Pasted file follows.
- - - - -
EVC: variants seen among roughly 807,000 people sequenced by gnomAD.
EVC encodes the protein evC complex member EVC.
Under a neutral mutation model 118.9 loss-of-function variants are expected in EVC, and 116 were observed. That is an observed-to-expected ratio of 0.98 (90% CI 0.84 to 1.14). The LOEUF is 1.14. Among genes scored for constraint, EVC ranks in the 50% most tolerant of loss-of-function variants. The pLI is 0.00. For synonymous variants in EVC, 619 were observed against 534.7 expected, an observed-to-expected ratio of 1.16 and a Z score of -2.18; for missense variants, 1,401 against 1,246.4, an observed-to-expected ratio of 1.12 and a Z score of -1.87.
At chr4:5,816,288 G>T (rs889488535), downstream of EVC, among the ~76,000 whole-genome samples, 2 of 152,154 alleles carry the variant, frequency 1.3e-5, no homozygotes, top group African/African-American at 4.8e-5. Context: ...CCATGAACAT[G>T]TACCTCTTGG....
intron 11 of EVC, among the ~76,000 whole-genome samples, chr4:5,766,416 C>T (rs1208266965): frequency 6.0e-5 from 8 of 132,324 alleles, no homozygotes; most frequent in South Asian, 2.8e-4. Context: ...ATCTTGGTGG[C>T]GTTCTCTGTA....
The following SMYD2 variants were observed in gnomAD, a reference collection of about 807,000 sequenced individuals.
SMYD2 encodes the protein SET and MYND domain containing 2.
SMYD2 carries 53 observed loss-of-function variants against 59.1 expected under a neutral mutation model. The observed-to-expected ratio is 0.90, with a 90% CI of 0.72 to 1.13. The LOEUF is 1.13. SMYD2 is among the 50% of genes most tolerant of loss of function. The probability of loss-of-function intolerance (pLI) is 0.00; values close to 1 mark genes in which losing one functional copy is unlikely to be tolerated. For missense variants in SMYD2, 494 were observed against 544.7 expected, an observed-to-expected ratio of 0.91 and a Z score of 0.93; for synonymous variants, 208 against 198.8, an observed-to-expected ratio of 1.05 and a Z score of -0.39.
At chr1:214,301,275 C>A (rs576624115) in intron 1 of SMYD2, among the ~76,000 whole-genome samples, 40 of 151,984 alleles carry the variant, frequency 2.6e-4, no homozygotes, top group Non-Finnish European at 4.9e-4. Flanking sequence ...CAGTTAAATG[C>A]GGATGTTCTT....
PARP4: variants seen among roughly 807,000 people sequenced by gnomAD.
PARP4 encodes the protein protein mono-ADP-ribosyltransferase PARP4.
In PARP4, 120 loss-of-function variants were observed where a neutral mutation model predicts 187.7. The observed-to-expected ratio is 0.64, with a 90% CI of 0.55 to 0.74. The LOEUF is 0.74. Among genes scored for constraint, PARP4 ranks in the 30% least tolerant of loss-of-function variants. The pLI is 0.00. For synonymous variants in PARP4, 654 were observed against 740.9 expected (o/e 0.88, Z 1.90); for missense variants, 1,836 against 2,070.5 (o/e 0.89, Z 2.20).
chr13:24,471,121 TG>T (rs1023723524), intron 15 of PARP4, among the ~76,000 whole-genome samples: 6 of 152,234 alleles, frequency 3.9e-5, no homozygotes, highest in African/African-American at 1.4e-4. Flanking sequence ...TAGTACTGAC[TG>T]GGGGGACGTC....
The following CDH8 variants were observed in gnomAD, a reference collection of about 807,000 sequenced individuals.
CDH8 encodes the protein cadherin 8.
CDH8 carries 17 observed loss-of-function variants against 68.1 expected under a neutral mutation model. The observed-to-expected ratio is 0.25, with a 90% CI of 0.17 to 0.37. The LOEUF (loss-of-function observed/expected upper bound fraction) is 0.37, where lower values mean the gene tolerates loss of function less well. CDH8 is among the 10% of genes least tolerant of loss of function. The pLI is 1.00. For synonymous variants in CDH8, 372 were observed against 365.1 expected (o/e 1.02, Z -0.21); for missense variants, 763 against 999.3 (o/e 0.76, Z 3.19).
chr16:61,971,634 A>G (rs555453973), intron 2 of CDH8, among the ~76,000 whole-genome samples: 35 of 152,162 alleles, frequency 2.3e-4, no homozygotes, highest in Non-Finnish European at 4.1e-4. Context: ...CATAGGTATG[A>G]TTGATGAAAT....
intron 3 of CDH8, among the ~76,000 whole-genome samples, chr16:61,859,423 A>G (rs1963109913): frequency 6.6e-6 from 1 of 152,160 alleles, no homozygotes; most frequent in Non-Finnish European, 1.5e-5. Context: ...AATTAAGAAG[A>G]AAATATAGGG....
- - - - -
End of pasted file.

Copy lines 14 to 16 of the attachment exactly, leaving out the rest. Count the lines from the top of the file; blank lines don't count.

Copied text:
The following CDH8 variants were observed in gnomAD, a reference collection of about 807,000 sequenced individuals.
CDH8 encodes the protein cadherin 8.
CDH8 carries 17 observed loss-of-function variants against 68.1 expected under a neutral mutation model. The observed-to-expected ratio is 0.25, with a 90% CI of 0.17 to 0.37. The LOEUF (loss-of-function observed/expected upper bound fraction) is 0.37, where lower values mean the gene tolerates loss of function less well. CDH8 is among the 10% of genes least tolerant of loss of function. The pLI is 1.00. For synonymous variants in CDH8, 372 were observed against 365.1 expected (o/e 1.02, Z -0.21); for missense variants, 763 against 999.3 (o/e 0.76, Z 3.19).